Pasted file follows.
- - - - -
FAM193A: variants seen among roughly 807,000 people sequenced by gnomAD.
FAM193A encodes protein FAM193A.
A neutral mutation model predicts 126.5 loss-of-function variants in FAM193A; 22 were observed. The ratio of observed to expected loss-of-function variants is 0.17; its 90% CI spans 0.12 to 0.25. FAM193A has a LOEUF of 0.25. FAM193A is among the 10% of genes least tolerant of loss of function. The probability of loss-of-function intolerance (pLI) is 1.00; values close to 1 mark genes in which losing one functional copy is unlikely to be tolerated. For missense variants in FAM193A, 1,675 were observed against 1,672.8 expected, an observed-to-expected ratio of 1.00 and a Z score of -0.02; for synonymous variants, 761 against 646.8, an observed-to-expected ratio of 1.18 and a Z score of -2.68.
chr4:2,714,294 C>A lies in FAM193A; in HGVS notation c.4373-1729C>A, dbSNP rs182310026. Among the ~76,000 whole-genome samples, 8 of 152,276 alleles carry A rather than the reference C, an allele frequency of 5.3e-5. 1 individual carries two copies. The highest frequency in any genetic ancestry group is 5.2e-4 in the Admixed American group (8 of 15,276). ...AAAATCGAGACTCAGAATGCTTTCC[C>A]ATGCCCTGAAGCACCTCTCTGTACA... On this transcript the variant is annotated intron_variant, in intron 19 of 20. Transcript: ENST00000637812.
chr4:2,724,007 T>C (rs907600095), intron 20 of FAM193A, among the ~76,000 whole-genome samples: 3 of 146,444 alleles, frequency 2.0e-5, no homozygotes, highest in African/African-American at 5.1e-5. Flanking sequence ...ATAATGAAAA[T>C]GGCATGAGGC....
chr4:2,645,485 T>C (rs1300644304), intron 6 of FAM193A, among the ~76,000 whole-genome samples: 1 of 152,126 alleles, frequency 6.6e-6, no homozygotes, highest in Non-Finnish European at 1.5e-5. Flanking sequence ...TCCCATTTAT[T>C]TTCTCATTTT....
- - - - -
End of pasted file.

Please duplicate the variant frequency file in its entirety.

FAM193A: variants seen among roughly 807,000 people sequenced by gnomAD.
FAM193A encodes protein FAM193A.
A neutral mutation model predicts 126.5 loss-of-function variants in FAM193A; 22 were observed. The ratio of observed to expected loss-of-function variants is 0.17; its 90% CI spans 0.12 to 0.25. FAM193A has a LOEUF of 0.25. FAM193A is among the 10% of genes least tolerant of loss of function. The probability of loss-of-function intolerance (pLI) is 1.00; values close to 1 mark genes in which losing one functional copy is unlikely to be tolerated. For missense variants in FAM193A, 1,675 were observed against 1,672.8 expected, an observed-to-expected ratio of 1.00 and a Z score of -0.02; for synonymous variants, 761 against 646.8, an observed-to-expected ratio of 1.18 and a Z score of -2.68.
chr4:2,714,294 C>A lies in FAM193A; in HGVS notation c.4373-1729C>A, dbSNP rs182310026. Among the ~76,000 whole-genome samples, 8 of 152,276 alleles carry A rather than the reference C, an allele frequency of 5.3e-5. 1 individual carries two copies. The highest frequency in any genetic ancestry group is 5.2e-4 in the Admixed American group (8 of 15,276). ...AAAATCGAGACTCAGAATGCTTTCC[C>A]ATGCCCTGAAGCACCTCTCTGTACA... On this transcript the variant is annotated intron_variant, in intron 19 of 20. Transcript: ENST00000637812.
chr4:2,724,007 T>C (rs907600095), intron 20 of FAM193A, among the ~76,000 whole-genome samples: 3 of 146,444 alleles, frequency 2.0e-5, no homozygotes, highest in African/African-American at 5.1e-5. Flanking sequence ...ATAATGAAAA[T>C]GGCATGAGGC....
chr4:2,645,485 T>C (rs1300644304), intron 6 of FAM193A, among the ~76,000 whole-genome samples: 1 of 152,126 alleles, frequency 6.6e-6, no homozygotes, highest in Non-Finnish European at 1.5e-5. Flanking sequence ...TCCCATTTAT[T>C]TTCTCATTTT....